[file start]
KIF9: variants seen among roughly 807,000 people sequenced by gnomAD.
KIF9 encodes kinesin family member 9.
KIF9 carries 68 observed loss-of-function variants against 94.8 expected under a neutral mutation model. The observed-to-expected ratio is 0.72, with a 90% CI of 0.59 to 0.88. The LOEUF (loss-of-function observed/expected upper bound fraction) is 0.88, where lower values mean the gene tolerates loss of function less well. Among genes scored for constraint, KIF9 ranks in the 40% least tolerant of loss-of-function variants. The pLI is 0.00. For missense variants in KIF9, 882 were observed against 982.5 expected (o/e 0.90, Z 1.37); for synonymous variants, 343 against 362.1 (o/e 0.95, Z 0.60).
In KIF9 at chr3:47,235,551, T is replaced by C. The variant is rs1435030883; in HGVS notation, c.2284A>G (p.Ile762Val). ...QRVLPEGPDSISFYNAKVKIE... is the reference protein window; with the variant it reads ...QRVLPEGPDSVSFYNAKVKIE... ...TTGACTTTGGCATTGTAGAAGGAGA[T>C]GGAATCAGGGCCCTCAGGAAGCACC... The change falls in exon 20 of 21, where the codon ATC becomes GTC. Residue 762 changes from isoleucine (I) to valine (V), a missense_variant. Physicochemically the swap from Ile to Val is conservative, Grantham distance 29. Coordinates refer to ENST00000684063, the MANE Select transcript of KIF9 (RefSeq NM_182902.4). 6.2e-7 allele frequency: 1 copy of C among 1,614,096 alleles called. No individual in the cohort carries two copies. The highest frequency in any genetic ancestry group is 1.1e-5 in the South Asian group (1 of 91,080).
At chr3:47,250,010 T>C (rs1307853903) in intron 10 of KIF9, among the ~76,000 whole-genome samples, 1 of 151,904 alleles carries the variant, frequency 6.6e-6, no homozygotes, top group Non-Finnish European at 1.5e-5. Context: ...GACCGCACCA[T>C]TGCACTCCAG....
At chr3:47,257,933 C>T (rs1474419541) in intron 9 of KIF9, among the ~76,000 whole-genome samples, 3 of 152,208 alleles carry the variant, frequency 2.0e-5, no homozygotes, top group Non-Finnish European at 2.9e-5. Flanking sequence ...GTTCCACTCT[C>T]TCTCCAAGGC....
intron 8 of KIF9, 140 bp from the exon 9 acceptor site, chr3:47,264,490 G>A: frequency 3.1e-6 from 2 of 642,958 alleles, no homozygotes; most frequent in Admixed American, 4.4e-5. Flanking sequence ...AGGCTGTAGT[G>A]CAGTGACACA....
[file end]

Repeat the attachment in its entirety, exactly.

KIF9: variants seen among roughly 807,000 people sequenced by gnomAD.
KIF9 encodes kinesin family member 9.
KIF9 carries 68 observed loss-of-function variants against 94.8 expected under a neutral mutation model. The observed-to-expected ratio is 0.72, with a 90% CI of 0.59 to 0.88. The LOEUF (loss-of-function observed/expected upper bound fraction) is 0.88, where lower values mean the gene tolerates loss of function less well. Among genes scored for constraint, KIF9 ranks in the 40% least tolerant of loss-of-function variants. The pLI is 0.00. For missense variants in KIF9, 882 were observed against 982.5 expected (o/e 0.90, Z 1.37); for synonymous variants, 343 against 362.1 (o/e 0.95, Z 0.60).
In KIF9 at chr3:47,235,551, T is replaced by C. The variant is rs1435030883; in HGVS notation, c.2284A>G (p.Ile762Val). ...QRVLPEGPDSISFYNAKVKIE... is the reference protein window; with the variant it reads ...QRVLPEGPDSVSFYNAKVKIE... ...TTGACTTTGGCATTGTAGAAGGAGA[T>C]GGAATCAGGGCCCTCAGGAAGCACC... The change falls in exon 20 of 21, where the codon ATC becomes GTC. Residue 762 changes from isoleucine (I) to valine (V), a missense_variant. Physicochemically the swap from Ile to Val is conservative, Grantham distance 29. Coordinates refer to ENST00000684063, the MANE Select transcript of KIF9 (RefSeq NM_182902.4). 6.2e-7 allele frequency: 1 copy of C among 1,614,096 alleles called. No individual in the cohort carries two copies. The highest frequency in any genetic ancestry group is 1.1e-5 in the South Asian group (1 of 91,080).
At chr3:47,250,010 T>C (rs1307853903) in intron 10 of KIF9, among the ~76,000 whole-genome samples, 1 of 151,904 alleles carries the variant, frequency 6.6e-6, no homozygotes, top group Non-Finnish European at 1.5e-5. Context: ...GACCGCACCA[T>C]TGCACTCCAG....
At chr3:47,257,933 C>T (rs1474419541) in intron 9 of KIF9, among the ~76,000 whole-genome samples, 3 of 152,208 alleles carry the variant, frequency 2.0e-5, no homozygotes, top group Non-Finnish European at 2.9e-5. Flanking sequence ...GTTCCACTCT[C>T]TCTCCAAGGC....
intron 8 of KIF9, 140 bp from the exon 9 acceptor site, chr3:47,264,490 G>A: frequency 3.1e-6 from 2 of 642,958 alleles, no homozygotes; most frequent in Admixed American, 4.4e-5. Flanking sequence ...AGGCTGTAGT[G>A]CAGTGACACA....